Death Valley National Park

Death Valley National Park

Species Spotlight: Death Valley Pupfish

January 19, 2010, 11:56 am

by Ashley Pettigrew

In one of the most inhospitable environments in the world it’s well known that animals must adapt to survive. But one species has managed to survive and adapt so well that scientists and researchers now use it to determine the overall health of the ecosystem. Meet the Death Valley pupfish, one of park’s most fascinating creatures.

Only about one inch in size, the endemic Death Valley pupfish makes up for its diminutive size in adaptability. The pupfish survives in solar heated pools found in the Devil’s Hole region of Death Valley National Park. They have been known to survive in water as hot as 112°F (hot tubs max out at around 104°F). Pupfish are so specifically adapted to the heat that when water temperatures drop in the winter, they burrow in to the mud and become dormant. Unlike most other fish, the pupfish can also survive in water two to three times saltier than seawater, a trait attributable to the fact that an inland sea that existed here in the past.

The pupfish, like many inhabitants of the region, are a lesson in evolution. The Devil’s Hole water system is part of a large aquifer hidden beneath the surface of Death Valley National Park. In the thaw that followed the last ice age around 10,000 years ago it left separate pools of lakes and ponds. This separation of populations and species allowed distinct groups of fish, like the pupfish, to develop unique characteristics for survival.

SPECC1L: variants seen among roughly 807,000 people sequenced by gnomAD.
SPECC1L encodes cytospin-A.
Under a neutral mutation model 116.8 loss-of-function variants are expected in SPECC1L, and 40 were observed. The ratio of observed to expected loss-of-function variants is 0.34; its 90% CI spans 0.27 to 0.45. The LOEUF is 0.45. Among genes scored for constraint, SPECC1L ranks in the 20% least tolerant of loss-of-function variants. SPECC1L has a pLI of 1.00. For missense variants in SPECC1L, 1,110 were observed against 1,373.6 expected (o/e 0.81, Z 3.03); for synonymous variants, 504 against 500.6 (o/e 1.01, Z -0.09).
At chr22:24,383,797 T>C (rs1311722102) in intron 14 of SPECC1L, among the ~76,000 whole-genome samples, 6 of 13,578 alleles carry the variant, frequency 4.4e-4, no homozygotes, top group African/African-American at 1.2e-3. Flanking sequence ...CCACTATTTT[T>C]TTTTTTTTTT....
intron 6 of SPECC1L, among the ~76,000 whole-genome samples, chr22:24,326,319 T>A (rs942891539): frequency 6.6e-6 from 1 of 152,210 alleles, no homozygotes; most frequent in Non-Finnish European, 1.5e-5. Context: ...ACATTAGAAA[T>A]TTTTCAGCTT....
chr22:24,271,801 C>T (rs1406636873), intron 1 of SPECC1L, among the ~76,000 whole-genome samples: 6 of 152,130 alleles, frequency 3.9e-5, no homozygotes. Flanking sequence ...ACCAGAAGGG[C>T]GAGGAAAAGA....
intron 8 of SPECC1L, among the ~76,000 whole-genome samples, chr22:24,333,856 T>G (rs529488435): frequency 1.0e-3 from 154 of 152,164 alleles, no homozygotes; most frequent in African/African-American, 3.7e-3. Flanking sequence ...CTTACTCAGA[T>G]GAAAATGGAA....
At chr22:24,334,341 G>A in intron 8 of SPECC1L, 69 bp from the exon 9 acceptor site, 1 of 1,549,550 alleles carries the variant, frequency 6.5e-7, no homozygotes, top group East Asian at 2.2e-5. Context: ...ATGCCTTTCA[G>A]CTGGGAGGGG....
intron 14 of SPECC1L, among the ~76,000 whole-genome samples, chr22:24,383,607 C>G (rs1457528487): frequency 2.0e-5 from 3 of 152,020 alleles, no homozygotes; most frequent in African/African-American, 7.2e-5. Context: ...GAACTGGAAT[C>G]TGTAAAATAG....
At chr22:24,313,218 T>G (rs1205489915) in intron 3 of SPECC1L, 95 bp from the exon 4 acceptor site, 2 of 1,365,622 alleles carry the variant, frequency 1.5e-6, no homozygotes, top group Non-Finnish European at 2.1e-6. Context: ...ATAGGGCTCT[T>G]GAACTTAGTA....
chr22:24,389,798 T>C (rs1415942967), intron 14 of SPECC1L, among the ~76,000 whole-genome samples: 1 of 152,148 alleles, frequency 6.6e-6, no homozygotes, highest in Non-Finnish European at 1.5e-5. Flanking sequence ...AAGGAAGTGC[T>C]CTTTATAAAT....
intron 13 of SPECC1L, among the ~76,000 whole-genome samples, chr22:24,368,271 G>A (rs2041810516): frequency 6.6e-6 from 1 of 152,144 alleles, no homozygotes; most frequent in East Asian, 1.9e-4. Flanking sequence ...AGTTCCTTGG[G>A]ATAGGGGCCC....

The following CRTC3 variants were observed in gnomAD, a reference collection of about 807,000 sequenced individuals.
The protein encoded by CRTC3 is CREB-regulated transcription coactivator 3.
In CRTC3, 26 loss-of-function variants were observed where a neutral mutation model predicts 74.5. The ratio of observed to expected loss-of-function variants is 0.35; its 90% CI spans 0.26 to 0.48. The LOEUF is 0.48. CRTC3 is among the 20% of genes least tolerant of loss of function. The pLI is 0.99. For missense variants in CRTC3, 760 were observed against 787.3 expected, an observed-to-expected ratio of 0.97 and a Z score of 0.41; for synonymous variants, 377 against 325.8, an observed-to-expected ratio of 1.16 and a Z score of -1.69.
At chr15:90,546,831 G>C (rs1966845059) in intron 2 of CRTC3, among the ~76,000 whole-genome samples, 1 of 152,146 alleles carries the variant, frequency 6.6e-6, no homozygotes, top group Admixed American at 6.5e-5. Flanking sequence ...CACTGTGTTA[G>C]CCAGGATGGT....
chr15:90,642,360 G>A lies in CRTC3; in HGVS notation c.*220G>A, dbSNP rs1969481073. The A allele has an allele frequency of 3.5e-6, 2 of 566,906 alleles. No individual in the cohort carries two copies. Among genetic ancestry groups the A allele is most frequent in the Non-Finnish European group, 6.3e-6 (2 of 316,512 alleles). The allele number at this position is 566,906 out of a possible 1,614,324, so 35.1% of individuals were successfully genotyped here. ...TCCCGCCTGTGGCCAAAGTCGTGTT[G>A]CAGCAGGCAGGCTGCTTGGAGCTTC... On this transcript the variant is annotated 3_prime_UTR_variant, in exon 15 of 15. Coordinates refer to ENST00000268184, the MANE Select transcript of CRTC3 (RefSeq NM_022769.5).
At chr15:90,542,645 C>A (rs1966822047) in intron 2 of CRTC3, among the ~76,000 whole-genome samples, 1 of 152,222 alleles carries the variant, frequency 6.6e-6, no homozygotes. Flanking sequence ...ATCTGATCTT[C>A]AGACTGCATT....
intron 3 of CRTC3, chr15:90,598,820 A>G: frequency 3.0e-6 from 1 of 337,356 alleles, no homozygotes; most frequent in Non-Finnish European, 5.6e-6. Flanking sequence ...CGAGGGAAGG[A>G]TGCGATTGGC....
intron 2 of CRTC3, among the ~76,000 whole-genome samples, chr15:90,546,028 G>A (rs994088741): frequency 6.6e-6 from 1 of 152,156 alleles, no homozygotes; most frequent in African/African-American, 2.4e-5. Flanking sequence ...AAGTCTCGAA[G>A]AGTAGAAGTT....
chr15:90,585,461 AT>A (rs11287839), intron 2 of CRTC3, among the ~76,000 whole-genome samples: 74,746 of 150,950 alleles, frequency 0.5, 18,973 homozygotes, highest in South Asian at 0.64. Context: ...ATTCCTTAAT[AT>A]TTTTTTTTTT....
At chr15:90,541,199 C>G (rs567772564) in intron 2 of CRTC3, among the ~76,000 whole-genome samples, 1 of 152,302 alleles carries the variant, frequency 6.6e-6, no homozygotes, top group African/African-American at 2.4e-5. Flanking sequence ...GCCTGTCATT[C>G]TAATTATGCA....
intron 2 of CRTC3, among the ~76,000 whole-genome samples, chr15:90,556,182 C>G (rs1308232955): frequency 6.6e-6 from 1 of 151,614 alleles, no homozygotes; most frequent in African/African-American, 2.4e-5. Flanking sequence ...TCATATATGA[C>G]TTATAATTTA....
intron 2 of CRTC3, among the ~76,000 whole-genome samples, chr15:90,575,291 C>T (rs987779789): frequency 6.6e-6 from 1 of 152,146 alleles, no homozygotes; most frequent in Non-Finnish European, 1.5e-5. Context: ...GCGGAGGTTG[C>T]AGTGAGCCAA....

Despite its amazing ability to survive in the harshest environments, the pupfish’s story is not without struggle. In the 1960s, development in the region brought the pupfish to the brink extinction. Because pupfish feed and spawn just below the surface they are highly sensitive to slight decreases in water levels. The pupfish’s habitat was threatened so dramatically, that it was one of the first species to be protected under the Endangered Species Act. Since that time, access to Devil’s Hole has been limited to researchers only.

Today, the pupfish is one of the most extensively researched animals in the park and is generally seen as an indicator of the overall health of the Death Valley ecosystem. Quarterly counts of the fish are conducted and the park has installed monitoring wells to keep a close eye on water levels. In 2006, to the National Park Service implemented additional programs to stabilize and improve the population after a count returned only 38 pupfish, the lowest number ever recorded. These efforts helped the population rebound to almost 100 individuals today. If you’d like to help support Death Valley’s pupfish population, you can make a donation to support Devil’s Hole research through the Death Valley Fund.

Pupfish Fun Facts

  • Pupfish secrete excess salt through their kidneys and gills
  • Pupfish feed on green and brown algae.
  • Pupfish reach full maturity in 2 to 3 months.
  • The average lifespan of a pupfish is 6 to 9 months, although some can survive for over more than one year.
  • Pupfish generally remain dormant through most of the winter, in the spring they spawn and by mid summer many will die from the heat.